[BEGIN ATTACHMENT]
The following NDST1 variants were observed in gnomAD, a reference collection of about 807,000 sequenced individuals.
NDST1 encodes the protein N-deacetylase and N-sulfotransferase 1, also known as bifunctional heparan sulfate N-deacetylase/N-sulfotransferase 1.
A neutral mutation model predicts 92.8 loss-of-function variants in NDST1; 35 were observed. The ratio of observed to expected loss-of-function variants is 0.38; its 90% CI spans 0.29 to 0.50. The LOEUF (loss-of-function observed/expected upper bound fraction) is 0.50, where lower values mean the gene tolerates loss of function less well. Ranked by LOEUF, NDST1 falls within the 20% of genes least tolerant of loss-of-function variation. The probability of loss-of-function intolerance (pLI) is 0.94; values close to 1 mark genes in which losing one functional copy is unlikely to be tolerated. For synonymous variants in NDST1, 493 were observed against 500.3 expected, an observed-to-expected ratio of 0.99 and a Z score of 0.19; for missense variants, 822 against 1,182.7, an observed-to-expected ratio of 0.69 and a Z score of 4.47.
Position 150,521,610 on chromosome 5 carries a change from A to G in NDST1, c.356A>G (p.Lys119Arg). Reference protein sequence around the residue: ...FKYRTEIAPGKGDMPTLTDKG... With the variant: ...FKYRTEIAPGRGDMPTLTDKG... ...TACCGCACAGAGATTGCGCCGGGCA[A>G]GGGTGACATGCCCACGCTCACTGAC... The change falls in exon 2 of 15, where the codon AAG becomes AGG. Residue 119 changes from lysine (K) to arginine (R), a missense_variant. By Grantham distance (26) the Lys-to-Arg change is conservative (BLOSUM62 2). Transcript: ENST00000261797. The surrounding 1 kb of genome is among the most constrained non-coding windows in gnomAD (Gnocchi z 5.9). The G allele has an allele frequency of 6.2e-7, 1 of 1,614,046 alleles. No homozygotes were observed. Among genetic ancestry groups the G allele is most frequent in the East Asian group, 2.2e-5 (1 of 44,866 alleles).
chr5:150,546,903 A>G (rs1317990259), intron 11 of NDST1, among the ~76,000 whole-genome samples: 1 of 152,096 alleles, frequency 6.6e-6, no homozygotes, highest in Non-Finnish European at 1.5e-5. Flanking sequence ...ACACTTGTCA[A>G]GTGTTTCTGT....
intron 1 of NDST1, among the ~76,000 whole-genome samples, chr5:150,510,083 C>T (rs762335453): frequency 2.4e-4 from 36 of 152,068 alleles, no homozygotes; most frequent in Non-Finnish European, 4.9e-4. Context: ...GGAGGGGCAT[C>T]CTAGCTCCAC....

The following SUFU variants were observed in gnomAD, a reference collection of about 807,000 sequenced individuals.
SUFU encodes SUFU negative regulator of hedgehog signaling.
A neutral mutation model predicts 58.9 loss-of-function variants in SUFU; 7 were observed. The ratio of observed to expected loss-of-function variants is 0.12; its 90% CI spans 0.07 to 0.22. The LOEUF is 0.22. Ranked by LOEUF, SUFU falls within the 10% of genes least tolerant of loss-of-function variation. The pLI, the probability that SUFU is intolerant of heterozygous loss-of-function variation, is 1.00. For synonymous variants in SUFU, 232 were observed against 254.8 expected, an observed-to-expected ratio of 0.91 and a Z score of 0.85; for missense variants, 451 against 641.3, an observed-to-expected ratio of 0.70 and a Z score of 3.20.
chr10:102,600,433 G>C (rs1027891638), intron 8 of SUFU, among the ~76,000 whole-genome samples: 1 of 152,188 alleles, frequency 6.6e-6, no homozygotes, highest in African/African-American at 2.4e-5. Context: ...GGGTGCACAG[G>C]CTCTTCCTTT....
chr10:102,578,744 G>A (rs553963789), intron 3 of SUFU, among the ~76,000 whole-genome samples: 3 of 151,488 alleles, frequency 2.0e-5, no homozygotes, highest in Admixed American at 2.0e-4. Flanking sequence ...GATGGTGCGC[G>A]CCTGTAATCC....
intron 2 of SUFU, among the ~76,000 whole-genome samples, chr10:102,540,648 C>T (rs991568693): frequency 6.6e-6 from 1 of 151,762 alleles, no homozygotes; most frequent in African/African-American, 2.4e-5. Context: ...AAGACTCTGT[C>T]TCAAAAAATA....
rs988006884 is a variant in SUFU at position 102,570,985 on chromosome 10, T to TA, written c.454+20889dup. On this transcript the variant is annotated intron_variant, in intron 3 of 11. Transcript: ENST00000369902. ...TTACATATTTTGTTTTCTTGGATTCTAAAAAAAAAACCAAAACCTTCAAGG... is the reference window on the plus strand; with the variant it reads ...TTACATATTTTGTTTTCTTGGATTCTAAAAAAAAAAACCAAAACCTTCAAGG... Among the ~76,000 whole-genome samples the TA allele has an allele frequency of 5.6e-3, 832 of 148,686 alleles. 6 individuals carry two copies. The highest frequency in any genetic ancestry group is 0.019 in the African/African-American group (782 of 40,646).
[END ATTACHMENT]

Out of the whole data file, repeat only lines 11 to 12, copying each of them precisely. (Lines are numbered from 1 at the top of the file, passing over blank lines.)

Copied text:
chr10:102,578,744 G>A (rs553963789), intron 3 of SUFU, among the ~76,000 whole-genome samples: 3 of 151,488 alleles, frequency 2.0e-5, no homozygotes, highest in Admixed American at 2.0e-4. Flanking sequence ...GATGGTGCGC[G>A]CCTGTAATCC....
intron 2 of SUFU, among the ~76,000 whole-genome samples, chr10:102,540,648 C>T (rs991568693): frequency 6.6e-6 from 1 of 151,762 alleles, no homozygotes; most frequent in African/African-American, 2.4e-5. Context: ...AAGACTCTGT[C>T]TCAAAAAATA....